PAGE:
Hugo Schwyzer does not like my Good Men Project article. According to his twitter feed, my article is “Most dishonest thing I’ve see at @goodmenproject: ‘Women Rape Boys Too’ … Conflates rape stats with other abuse stats.”
I am not sure how I conflated rape statistics with other abuse statistics given that all the examples were specifically about sexual abuse. The editors on GMP did not include the links to the studies and articles, but I did include them in my version of the post. Anyone who reads them would see that I am not confusing physical or emotional abuse with sexual abuse.
It is rather egregious to accuse me of deliberately misrepresenting statistics without citing a single example of me doing so. Obviously Schwyzer could not do that on twitter, but he did not cite anything in his response on GMP either. It takes little effort to accuse someone of lying, but I think a person should invest some time in proving that claim if they going to go on a twitter rant over it.
Granted, I am not surprised by Schwyzer’s reaction. In a previous exchange he dismissed the Long-Term Consequences of Childhood Sexual Abuse by Gender of Victim study as “an outlier” without, to my knowledge, ever reading the study. I am surprised, however, that he so readily contradicted himself in his response to me. He stated:
Women rape boys, and it is awful. It is also comparatively rare. And though we can presume some degree of underreporting from boys, that underreporting cannot be quantified. What can be quantified makes it clear that the overwhelming percentage of sexual predators are men, and the overwhelming percentage of victims are women.
As I wrote on GMP, if we can presume there is underreporting but we cannot quantify it, how can we then quantify who commits most abuse and who experiences most abuse when that is based on how many victims report abuse? How can you know that the overwhelming majority victims are female when you acknowledge that you do not know how frequently males are abused? How can you know that the overwhelming majority of abusers are male when you acknowledge that an quantifiable number of victims do not report their abuse?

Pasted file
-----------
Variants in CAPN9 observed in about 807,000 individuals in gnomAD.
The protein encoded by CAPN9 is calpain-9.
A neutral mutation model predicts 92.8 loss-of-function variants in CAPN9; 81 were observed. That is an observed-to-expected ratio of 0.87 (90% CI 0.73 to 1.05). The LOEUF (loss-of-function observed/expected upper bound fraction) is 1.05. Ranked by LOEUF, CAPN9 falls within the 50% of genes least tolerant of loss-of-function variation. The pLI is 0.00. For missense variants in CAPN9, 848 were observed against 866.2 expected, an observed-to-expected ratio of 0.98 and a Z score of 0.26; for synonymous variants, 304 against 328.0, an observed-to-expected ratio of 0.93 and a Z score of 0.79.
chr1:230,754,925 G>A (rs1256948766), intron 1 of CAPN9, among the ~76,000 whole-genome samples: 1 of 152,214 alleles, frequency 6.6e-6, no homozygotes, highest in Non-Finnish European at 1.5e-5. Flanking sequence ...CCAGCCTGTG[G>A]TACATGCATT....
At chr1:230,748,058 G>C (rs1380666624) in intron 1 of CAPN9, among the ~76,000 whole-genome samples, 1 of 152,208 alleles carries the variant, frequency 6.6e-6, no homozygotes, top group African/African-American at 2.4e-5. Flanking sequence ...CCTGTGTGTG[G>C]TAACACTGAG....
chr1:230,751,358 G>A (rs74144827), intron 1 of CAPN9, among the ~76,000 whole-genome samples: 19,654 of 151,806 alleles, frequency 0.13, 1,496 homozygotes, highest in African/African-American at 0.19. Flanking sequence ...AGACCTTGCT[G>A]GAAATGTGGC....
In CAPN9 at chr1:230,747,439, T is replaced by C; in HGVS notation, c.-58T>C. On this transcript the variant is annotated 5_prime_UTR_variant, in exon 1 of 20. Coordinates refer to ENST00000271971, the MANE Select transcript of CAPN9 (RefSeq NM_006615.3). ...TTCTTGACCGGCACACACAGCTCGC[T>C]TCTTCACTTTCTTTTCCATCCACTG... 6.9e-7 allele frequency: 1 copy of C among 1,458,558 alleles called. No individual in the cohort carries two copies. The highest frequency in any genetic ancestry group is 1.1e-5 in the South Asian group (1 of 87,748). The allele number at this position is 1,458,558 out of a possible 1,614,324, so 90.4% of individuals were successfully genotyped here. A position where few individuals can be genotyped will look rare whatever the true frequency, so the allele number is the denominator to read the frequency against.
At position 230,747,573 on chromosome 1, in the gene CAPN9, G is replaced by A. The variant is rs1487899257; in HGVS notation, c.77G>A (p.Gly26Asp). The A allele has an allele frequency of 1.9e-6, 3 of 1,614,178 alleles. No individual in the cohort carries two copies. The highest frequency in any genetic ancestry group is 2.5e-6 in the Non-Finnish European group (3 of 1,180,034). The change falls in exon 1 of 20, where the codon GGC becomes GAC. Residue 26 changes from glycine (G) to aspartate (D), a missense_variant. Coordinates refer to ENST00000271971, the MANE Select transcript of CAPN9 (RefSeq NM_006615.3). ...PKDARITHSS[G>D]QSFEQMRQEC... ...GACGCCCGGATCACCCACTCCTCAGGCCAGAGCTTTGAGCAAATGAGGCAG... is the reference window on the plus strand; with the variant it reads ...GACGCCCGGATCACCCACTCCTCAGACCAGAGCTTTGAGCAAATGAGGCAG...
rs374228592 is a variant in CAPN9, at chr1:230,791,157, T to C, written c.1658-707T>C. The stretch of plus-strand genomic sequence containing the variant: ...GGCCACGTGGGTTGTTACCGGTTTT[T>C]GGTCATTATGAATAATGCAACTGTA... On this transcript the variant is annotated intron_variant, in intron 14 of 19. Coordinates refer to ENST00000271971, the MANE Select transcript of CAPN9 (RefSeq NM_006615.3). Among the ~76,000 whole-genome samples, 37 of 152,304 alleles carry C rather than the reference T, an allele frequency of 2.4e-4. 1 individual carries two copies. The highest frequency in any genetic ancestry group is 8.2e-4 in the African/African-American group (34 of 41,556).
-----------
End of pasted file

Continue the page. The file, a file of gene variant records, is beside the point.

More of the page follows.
Schwyzer seems to draw conclusions as he admits he does not have enough information to draw those conclusions. On twitter, he asserted that the NVAWS study that RAINN cites is basically infallible fact that he will not question unless RAINN repudiates the study. (For the record, the NVAWS study did not include questions about the sex of the abuser or questions that focused on types of “envelopment” rape, i.e. rape in which the victim is forced to penetrate the abuser. To use that study as unquestionable fact is at best misleading.)
What I find curious about Schwyzer’s response is that he appears to take the rate of women’s sexual violence against boys as an attack on female victims, as if saying boys are victims more often than we think means that women are victimized less often than the research reports. Violence does not work that way. Two different groups can experience similar levels of violence simultaneously. Both males and females can have high rates of abuse.
Yet Schwyzer seems bent on women being the victims of sexual violence, and that view is not limited to him. Many feminists share it, but in Schwyzer’s case he is holding to that view while looking at research that shows his view is wrong. It is akin to someone claiming that babies come from storks as they watch a woman give birth.
When people ask why I have such a problem with feminism, it is because of the dogma and doctrine that would lead an intelligent, educated man to dismiss research just because it does not fit his political views.
We have no idea how frequently boys are victims of abuse or how often women abuse. Part of that is because our society treats this as a non-issue. Part of that is because victims do not come forward. Part of that is because the professionals never bother to ask. And part of that is because people already assume to know who the victims and abusers are. We cannot begin to prevent sexual violence until we accept that what we think is true may not be true.